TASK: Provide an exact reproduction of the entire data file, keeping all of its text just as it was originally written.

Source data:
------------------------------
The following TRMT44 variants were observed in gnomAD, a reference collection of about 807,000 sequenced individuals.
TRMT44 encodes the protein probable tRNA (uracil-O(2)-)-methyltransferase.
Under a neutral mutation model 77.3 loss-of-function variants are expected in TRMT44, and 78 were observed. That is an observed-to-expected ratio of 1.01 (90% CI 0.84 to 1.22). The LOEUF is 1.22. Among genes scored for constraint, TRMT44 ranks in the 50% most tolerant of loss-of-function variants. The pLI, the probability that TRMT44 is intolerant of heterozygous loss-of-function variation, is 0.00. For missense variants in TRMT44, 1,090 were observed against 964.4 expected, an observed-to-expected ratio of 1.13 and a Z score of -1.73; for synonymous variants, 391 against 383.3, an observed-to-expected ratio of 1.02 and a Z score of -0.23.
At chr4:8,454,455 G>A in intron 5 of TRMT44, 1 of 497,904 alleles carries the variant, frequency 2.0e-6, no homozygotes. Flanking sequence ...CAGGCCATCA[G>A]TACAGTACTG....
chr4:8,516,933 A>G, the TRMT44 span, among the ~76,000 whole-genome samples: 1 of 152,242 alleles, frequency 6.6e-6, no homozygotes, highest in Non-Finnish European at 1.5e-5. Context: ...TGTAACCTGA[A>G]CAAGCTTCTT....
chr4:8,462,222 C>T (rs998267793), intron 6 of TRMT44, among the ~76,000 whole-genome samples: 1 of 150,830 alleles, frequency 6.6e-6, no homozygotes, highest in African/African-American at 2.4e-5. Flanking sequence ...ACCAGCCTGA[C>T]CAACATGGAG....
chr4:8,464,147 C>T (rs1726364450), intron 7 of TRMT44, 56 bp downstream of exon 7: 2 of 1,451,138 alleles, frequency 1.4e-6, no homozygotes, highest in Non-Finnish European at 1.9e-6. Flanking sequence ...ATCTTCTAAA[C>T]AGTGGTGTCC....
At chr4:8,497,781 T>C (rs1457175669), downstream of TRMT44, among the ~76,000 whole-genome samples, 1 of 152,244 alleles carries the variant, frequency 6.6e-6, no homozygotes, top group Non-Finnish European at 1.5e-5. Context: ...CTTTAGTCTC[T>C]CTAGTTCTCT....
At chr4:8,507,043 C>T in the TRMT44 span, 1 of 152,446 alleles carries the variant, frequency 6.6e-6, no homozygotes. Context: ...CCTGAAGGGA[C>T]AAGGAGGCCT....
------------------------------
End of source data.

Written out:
The following TRMT44 variants were observed in gnomAD, a reference collection of about 807,000 sequenced individuals.
TRMT44 encodes the protein probable tRNA (uracil-O(2)-)-methyltransferase.
Under a neutral mutation model 77.3 loss-of-function variants are expected in TRMT44, and 78 were observed. That is an observed-to-expected ratio of 1.01 (90% CI 0.84 to 1.22). The LOEUF is 1.22. Among genes scored for constraint, TRMT44 ranks in the 50% most tolerant of loss-of-function variants. The pLI, the probability that TRMT44 is intolerant of heterozygous loss-of-function variation, is 0.00. For missense variants in TRMT44, 1,090 were observed against 964.4 expected, an observed-to-expected ratio of 1.13 and a Z score of -1.73; for synonymous variants, 391 against 383.3, an observed-to-expected ratio of 1.02 and a Z score of -0.23.
At chr4:8,454,455 G>A in intron 5 of TRMT44, 1 of 497,904 alleles carries the variant, frequency 2.0e-6, no homozygotes. Flanking sequence ...CAGGCCATCA[G>A]TACAGTACTG....
chr4:8,516,933 A>G, the TRMT44 span, among the ~76,000 whole-genome samples: 1 of 152,242 alleles, frequency 6.6e-6, no homozygotes, highest in Non-Finnish European at 1.5e-5. Context: ...TGTAACCTGA[A>G]CAAGCTTCTT....
chr4:8,462,222 C>T (rs998267793), intron 6 of TRMT44, among the ~76,000 whole-genome samples: 1 of 150,830 alleles, frequency 6.6e-6, no homozygotes, highest in African/African-American at 2.4e-5. Flanking sequence ...ACCAGCCTGA[C>T]CAACATGGAG....
chr4:8,464,147 C>T (rs1726364450), intron 7 of TRMT44, 56 bp downstream of exon 7: 2 of 1,451,138 alleles, frequency 1.4e-6, no homozygotes, highest in Non-Finnish European at 1.9e-6. Flanking sequence ...ATCTTCTAAA[C>T]AGTGGTGTCC....
At chr4:8,497,781 T>C (rs1457175669), downstream of TRMT44, among the ~76,000 whole-genome samples, 1 of 152,244 alleles carries the variant, frequency 6.6e-6, no homozygotes, top group Non-Finnish European at 1.5e-5. Context: ...CTTTAGTCTC[T>C]CTAGTTCTCT....
At chr4:8,507,043 C>T in the TRMT44 span, 1 of 152,446 alleles carries the variant, frequency 6.6e-6, no homozygotes. Context: ...CCTGAAGGGA[C>T]AAGGAGGCCT....